Are High Achievers Really the Way to Go?

Are High Achievers Really the Way to Go?

A generalization of the recruitment process when attracting the top talent might lead us to assume that we are simply targeting those students or graduates who attended the best educational institutes. The nature of hiring to build a successful team is becoming the highlight of a broader discussion, particularly when placing the spotlight on high achievers,their academic results or their personalities.

The battle of top performers vs top institutes

Recruiters have just as many important decisions to make when hiring new staff members as the employers do for the marketing of their employer brand. Both elements must be steering towards the same direction in terms of importance and relevance to a company’s goal. It is no secret that organizations still want to hire students who achieved the highest grades at the best universities. Why wouldn’t you? Nevertheless, it is important not to disregard similar candidates with similar grades who have attended less prestigious academic institutes.

It all boils down to reassurance. Companies want to have faith in the fact that each individual who becomes a new member of staff, will produce successful results at a high caliber. Therefore, it would be a reliable decision to trust the academic facts and qualities of the high achievers. The discussion of this particular topic broadens when taking into consideration the strategies of the top global companies and the portfolios of their workforce.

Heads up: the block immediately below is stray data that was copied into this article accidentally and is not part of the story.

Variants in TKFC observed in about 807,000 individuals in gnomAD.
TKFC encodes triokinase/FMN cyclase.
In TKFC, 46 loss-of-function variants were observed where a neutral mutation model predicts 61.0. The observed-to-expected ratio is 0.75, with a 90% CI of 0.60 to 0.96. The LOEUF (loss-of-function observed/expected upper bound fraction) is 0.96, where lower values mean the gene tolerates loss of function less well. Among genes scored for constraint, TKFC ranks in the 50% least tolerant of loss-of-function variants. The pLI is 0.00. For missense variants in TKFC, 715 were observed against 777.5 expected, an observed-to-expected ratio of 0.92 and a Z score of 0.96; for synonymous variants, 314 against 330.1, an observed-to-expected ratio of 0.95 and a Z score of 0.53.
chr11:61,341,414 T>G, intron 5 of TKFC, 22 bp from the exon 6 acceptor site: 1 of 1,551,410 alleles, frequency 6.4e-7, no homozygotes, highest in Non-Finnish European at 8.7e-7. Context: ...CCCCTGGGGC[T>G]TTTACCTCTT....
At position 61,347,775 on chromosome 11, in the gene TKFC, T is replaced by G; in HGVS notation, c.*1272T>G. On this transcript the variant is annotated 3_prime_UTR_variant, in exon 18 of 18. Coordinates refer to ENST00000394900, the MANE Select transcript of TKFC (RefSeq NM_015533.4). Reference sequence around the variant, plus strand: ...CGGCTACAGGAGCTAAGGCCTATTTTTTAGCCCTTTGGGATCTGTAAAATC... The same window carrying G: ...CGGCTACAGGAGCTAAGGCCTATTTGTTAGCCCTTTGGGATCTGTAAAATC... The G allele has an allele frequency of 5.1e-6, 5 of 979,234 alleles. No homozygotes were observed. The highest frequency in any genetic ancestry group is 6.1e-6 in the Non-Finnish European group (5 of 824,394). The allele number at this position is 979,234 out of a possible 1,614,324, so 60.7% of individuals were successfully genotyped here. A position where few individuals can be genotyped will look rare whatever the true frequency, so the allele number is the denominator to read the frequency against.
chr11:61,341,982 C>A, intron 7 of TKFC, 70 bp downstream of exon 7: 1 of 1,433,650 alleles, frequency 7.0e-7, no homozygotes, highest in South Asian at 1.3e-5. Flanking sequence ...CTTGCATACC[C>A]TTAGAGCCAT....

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Case studies

If you thought one of the top real estate law firms in New York would look to recruit their next talented graduate directly from esteemed schools such as Harvard, Yale or Columbia, then think again. The graduates that Adam Leitman Bailey (ALB) Law Firm’s seek, still come from the top sets in the classrooms, but at the second to fourth tier law schools. Why? Because it is their opinion that these students show more hunger and ambition to succeed in the industry. It may be a theory that those who make it to the more recognized establishments have a more assured mindset to assume that they will walk into a top law firm after gradation, but in reality, an average student at one of these universities will find a guaranteed job a little harder to come by. The intern program at ALB is a great way of discovering those potential employees with the grit and desire that the firm prides itself on.

The conclusion of this determination is rewarding for both intern and employer by bringing home the best possible results; a full-time job and a continued positive reputation. With another throw of the dice, we come to global giant’s Google, who seem to have no interest in an applicant’s grades as well as the schools they got them from. Google appears to have a consistency in the highest rankings when it comes to being the best place to work, and there is a feeling around the headquarters that the company has learned from its mistakes in the early days of hiring. Back then, there was a great deal of emphasis placed on recruiting graduates from the Ivy League schools. But what Google cares about now are those individuals with the characteristics of leadership and problem solving skills as well as diversification in their ideas. Google’s attitude reflects the notion that approaching the job role by the book will not keep the company one step ahead of the competition.